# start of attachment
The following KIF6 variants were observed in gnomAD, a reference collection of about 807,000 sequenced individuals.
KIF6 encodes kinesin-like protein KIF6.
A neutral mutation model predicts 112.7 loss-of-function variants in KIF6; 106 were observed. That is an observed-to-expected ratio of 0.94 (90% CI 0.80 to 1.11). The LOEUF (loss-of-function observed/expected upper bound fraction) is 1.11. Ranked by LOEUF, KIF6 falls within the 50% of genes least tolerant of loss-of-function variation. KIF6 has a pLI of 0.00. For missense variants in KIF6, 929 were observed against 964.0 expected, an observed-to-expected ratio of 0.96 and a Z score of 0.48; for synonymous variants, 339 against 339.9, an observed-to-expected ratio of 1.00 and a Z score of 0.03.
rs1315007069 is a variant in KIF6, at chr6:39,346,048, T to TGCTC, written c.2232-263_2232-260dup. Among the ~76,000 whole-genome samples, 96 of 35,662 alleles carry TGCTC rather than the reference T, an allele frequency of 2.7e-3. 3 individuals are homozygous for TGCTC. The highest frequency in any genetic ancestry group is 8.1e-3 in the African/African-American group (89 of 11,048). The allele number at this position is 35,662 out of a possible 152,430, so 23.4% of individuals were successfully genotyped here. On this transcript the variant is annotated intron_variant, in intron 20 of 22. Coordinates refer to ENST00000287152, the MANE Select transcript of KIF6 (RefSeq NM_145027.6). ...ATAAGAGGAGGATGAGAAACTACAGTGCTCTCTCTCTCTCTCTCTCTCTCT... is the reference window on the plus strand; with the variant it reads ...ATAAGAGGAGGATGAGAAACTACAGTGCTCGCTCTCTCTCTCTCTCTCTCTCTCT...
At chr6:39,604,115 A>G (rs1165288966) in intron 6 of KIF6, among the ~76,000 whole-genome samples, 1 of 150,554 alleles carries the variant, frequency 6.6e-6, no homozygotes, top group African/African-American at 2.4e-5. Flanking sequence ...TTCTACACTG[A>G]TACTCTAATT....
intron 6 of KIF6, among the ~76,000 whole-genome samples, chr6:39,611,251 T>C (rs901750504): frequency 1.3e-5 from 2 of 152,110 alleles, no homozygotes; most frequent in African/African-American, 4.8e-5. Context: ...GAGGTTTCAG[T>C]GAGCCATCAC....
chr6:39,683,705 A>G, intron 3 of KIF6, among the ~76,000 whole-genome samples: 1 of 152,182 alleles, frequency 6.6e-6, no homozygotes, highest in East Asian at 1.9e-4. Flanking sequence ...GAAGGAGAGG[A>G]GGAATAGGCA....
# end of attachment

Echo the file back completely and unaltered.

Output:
The following KIF6 variants were observed in gnomAD, a reference collection of about 807,000 sequenced individuals.
KIF6 encodes kinesin-like protein KIF6.
A neutral mutation model predicts 112.7 loss-of-function variants in KIF6; 106 were observed. That is an observed-to-expected ratio of 0.94 (90% CI 0.80 to 1.11). The LOEUF (loss-of-function observed/expected upper bound fraction) is 1.11. Ranked by LOEUF, KIF6 falls within the 50% of genes least tolerant of loss-of-function variation. KIF6 has a pLI of 0.00. For missense variants in KIF6, 929 were observed against 964.0 expected, an observed-to-expected ratio of 0.96 and a Z score of 0.48; for synonymous variants, 339 against 339.9, an observed-to-expected ratio of 1.00 and a Z score of 0.03.
rs1315007069 is a variant in KIF6, at chr6:39,346,048, T to TGCTC, written c.2232-263_2232-260dup. Among the ~76,000 whole-genome samples, 96 of 35,662 alleles carry TGCTC rather than the reference T, an allele frequency of 2.7e-3. 3 individuals are homozygous for TGCTC. The highest frequency in any genetic ancestry group is 8.1e-3 in the African/African-American group (89 of 11,048). The allele number at this position is 35,662 out of a possible 152,430, so 23.4% of individuals were successfully genotyped here. On this transcript the variant is annotated intron_variant, in intron 20 of 22. Coordinates refer to ENST00000287152, the MANE Select transcript of KIF6 (RefSeq NM_145027.6). ...ATAAGAGGAGGATGAGAAACTACAGTGCTCTCTCTCTCTCTCTCTCTCTCT... is the reference window on the plus strand; with the variant it reads ...ATAAGAGGAGGATGAGAAACTACAGTGCTCGCTCTCTCTCTCTCTCTCTCTCTCT...
At chr6:39,604,115 A>G (rs1165288966) in intron 6 of KIF6, among the ~76,000 whole-genome samples, 1 of 150,554 alleles carries the variant, frequency 6.6e-6, no homozygotes, top group African/African-American at 2.4e-5. Flanking sequence ...TTCTACACTG[A>G]TACTCTAATT....
intron 6 of KIF6, among the ~76,000 whole-genome samples, chr6:39,611,251 T>C (rs901750504): frequency 1.3e-5 from 2 of 152,110 alleles, no homozygotes; most frequent in African/African-American, 4.8e-5. Context: ...GAGGTTTCAG[T>C]GAGCCATCAC....
chr6:39,683,705 A>G, intron 3 of KIF6, among the ~76,000 whole-genome samples: 1 of 152,182 alleles, frequency 6.6e-6, no homozygotes, highest in East Asian at 1.9e-4. Flanking sequence ...GAAGGAGAGG[A>G]GGAATAGGCA....